Gross Monthly Income = ([Hourly Rate] x [Number of Hours Weekly] x [52]) / 12

Consider yourself an hourly paid employee earning $35 per hour working 40 hours per week. To determine your gross monthly income, take your hourly rate, and multiply it by 40 (number of hours in a week) and 52 (number of weeks in a year). In digits, that would be $35 x 40 hours per week, which is equals to $1,400. After multiplying this amount by 52, you will get your gross annual income amount of $72,800. Divide this by 12 to get the gross monthly income.


Gross Monthly Income   = ([$35] x [40 hours] x [52 weeks]) / 12

=  $72, 800 / 12

=  $6,066.67

This means that you are earning a gross monthly income of $6,066.67.

The examples above only factored in salaries. In reality, you may have multiple sources of income. When calculating gross incomes, either on an annual or monthly basis, it is important to account for all income sources.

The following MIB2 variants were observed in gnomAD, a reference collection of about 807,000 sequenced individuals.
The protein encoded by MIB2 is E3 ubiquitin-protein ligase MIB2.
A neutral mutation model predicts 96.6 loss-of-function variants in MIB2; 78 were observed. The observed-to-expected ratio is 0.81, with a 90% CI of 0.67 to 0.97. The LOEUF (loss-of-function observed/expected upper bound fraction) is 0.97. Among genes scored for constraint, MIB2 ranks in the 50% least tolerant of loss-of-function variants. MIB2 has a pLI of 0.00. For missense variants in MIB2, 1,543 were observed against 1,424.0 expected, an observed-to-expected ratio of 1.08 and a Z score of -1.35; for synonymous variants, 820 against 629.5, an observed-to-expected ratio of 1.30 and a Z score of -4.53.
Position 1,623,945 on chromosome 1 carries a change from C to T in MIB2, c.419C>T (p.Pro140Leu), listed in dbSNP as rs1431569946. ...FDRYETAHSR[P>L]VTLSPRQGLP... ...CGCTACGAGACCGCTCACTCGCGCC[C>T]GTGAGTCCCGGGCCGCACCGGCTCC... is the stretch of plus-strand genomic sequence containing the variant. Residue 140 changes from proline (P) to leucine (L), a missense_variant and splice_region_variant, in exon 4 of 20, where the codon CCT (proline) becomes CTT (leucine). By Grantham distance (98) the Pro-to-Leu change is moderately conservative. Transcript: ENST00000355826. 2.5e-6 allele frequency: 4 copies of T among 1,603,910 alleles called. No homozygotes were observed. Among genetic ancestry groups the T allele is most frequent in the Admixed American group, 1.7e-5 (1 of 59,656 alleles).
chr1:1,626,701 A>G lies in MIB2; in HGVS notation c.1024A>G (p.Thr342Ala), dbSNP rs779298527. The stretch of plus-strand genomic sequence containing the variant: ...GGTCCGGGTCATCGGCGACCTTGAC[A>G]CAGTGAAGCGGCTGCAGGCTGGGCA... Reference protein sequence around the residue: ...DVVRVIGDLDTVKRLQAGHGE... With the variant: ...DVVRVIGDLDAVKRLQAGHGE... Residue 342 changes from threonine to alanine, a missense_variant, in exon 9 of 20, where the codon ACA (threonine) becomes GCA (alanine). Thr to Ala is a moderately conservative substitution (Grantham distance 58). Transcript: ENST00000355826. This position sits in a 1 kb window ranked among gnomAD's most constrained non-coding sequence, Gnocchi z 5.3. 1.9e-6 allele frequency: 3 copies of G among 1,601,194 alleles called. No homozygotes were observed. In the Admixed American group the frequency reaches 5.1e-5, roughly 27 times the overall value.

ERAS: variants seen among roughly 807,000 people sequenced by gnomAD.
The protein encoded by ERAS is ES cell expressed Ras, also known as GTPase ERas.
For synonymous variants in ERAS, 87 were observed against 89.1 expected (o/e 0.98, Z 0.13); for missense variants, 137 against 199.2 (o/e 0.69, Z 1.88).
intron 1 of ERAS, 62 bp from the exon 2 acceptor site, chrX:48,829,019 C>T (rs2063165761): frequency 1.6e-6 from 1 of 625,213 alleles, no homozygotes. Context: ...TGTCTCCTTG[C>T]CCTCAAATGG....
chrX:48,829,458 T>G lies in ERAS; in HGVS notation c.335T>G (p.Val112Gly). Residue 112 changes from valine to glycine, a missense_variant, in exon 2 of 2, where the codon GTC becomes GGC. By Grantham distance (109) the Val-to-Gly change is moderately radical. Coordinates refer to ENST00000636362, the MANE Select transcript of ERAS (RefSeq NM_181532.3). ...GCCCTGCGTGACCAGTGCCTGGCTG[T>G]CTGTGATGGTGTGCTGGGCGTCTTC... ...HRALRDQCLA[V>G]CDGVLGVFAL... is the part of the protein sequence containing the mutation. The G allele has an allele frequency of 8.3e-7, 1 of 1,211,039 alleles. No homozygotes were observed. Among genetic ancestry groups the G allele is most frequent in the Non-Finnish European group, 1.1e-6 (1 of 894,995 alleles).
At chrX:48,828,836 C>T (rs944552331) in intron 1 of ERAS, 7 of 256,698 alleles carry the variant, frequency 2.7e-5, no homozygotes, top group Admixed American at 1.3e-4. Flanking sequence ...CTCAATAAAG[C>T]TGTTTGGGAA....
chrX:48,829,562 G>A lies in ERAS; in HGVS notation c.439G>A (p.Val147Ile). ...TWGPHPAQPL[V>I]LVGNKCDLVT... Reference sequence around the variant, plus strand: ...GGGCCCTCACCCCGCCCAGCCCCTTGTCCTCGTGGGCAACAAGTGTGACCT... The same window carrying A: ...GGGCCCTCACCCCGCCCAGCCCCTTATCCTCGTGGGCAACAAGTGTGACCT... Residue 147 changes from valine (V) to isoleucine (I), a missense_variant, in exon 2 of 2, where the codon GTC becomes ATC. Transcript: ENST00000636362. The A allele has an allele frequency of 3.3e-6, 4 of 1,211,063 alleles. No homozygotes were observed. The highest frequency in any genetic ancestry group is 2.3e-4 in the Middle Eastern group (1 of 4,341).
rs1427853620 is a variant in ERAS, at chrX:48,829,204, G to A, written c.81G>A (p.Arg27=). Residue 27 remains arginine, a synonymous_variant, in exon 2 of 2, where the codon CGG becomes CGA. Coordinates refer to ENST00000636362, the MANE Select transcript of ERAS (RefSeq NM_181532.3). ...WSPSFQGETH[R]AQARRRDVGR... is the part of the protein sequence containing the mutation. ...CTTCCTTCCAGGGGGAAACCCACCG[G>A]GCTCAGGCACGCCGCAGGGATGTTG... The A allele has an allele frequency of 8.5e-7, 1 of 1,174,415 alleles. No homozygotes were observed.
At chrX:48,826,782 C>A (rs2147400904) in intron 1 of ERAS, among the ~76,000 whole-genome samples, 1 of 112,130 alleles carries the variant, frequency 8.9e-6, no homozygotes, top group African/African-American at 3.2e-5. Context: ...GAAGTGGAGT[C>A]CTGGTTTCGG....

Now you may be living with your family or spouse, or other housemates. In such scenarios, it might also be useful to calculate the household income. The household income accounts for the total gross income of all the earning household members who are 15 years or older. The household income is usually calculated to gauge the economic context of a region. It is also useful for the household members in cases of loan applications.

Gross VS Net Income

What, then, is a net income? And why is your net income lower than your gross income?

We have briefly talked about net income at the beginning of this article. Essentially, net income is the total earnings after subtracting taxes, expenses, and other necessary deductions. Simply put, your net income is your gross income after taxes.

For a business, these deductions can include depreciation, administrative expenses, and other costs of operations like business insurance, as well as professional and legal fees. Tracking the net income of the business means tracking its profitability and financial health. It provides insight into its overall business performance.